Tradition (and most chroniclers) tell us that on 14 October 1066, the Anglo-Saxon army saw their King, Harold Godwinson, killed on the field of battle. It was a moment upon which the battle hinged for, seeing their leader dead, the Anglo-Saxons fled the field, pursued and killed by the Normans in their unruly rout. But is all as it seems? There is also a tradition that Harold in fact survived the battle and, deciding the loss of the kingship was God’s will, devoted his life to God as a hermit (or anchorite). Well, if I am being honest, all is as it seems and, removing the debate about exactly how Harold died, it is pretty clear he did not walk away from the battle. But such legends are a bit of fun and it is not entirely uncommon to find them attached to kings who enjoyed a certain amount of popular support, and who ‘apparently’ lost their lives and kingships in battle (and had no known burial place). Indeed, I have previously written about Olaf Tryggvason’s death at the naval battle of Svolder, and he too is reputed to have survived his fully-armoured plunge into the open ocean, and thereafter journeyed on pilgrimage to Jerusalem. What we see with both men is an element of hagiography creeping into accounts of their defeats, in which martial loss is divinely ordained, thus necessarily turning temporal defeat into spiritual victory. It speaks to a kind of cultic reverence (and nostalgia) among their supporters. Continue reading The King Lives! Scandinavian Legends of Hastings and Svolder
An act of torture is rarely an act of finality in feud cultures – the family of the tortured man, whether he survives or not, will rarely allow such a deed to stand without vengeance. For that reason, it is rare to find examples of torture in saga literature (excluding perhaps the King’s sagas – that Olaf Tryggvason could be a bit intense). This means that, where saga authors do relate occasions of deliberate mutilation, they stand out within the literature and gain a certain amount of infamy.
So today’s is a brief(ish) post, a kind of follow up to our article on the body in law, looking at the logistics of some of the more famous acts of brutality from saga literature (both from a physical and literary perspective): the ‘fatal walk’ of the Viking Broðir in the aftermath of the Battle of Clontarf, Hrafnkel Freysgoði and his men being strung up by their heels and, of course, the infamous blood-eagle. What we will see in these instances of torture is that, even where the act is physically possible, the sheer unlikeliness of the deed and the manner in which these violent interludes are deployed by saga authors recommends them more as literary tropes than genuine deeds. Which is not to say that brutality did not occur in the Viking settlement cultures of Iceland, Ireland, and Britain during the period, or even that these accounts have origins in cultural memories that evolved over time but, in this article, I want to focus on the acts as written.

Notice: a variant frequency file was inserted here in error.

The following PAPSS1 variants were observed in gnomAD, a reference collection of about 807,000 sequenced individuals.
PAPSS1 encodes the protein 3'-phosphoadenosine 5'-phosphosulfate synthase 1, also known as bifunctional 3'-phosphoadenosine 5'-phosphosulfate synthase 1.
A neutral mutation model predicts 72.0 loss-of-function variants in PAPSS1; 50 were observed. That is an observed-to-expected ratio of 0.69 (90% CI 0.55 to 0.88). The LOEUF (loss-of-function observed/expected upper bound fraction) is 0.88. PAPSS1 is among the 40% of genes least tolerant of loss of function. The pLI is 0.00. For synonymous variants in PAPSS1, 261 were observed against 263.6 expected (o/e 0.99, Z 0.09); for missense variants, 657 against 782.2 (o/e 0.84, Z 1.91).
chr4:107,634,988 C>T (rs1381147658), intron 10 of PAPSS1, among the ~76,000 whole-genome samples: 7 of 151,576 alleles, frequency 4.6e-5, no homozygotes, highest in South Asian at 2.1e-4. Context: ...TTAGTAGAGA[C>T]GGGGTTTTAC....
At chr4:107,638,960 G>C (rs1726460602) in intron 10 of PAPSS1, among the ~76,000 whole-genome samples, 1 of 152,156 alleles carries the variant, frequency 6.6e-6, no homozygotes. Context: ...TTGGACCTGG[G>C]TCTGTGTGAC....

Disclaimer: I will only be as graphic as what is written in the saga texts, but there are descriptions of disembowelment, evisceration and bodily torture.
Continue reading Blood Eagles, Fatal Walks, and Hung Meat – Assessing Viking Torture
From its emphatic beginnings at Clermont in 1095, to its ultimately dramatic and triumphant conclusion at Jerusalem in 1099, the First Crusade was an arduous journey of devotion, determination, survival, and some would argue, divine intervention.
Continue reading Relighting the Fire of the First Crusade: Warriors, Priests, and the Holy Lance of Antioch
The Germanic king or lord as the dispenser of treasure, the ‘giver of rings,’ is a familiar image. The reason it is familiar is that it permeates that famous Anglo-Saxon epic poem, Beowulf. In the opening lines of the poem, we are introduced to Scyld Scéfing, a man known for violence against his enemies, and his gifts of treasure to his friends, a man of whom the poet says þæt wæs gód cyning (that was a good king). His son in turn is a chip off the old Scyld and, no less vigorous in war or generous in his gifts, has the loyalty of his men, being praised as léofne þéoden, béaga bryttan (beloved prince, ring giver). Later in the poem, just as Beowulf himself is about to benefit from such kingly largesse at the court of Halfdan, a king of the Scylding line, Halfdan is referred to as sinc-gyfan (treasure/ring giver). All these terms are kennings – evocative poetic metaphors common to Old English and Old Norse poetry – and the Beowulf author is implying that gift giving and Kingship are the same thing. There were, of course, many other elements to cultural perceptions of successful kingship in the Anglo-Scandinavian world, but those are for a different day. In this article I am going to take the lead of the Beowulf poet and concentrate on the king as ‘giver of rings.’ Continue reading Kingship in the Viking Age – Icelandic Sagas, Anglo-Saxon Kings, & Warrior Poets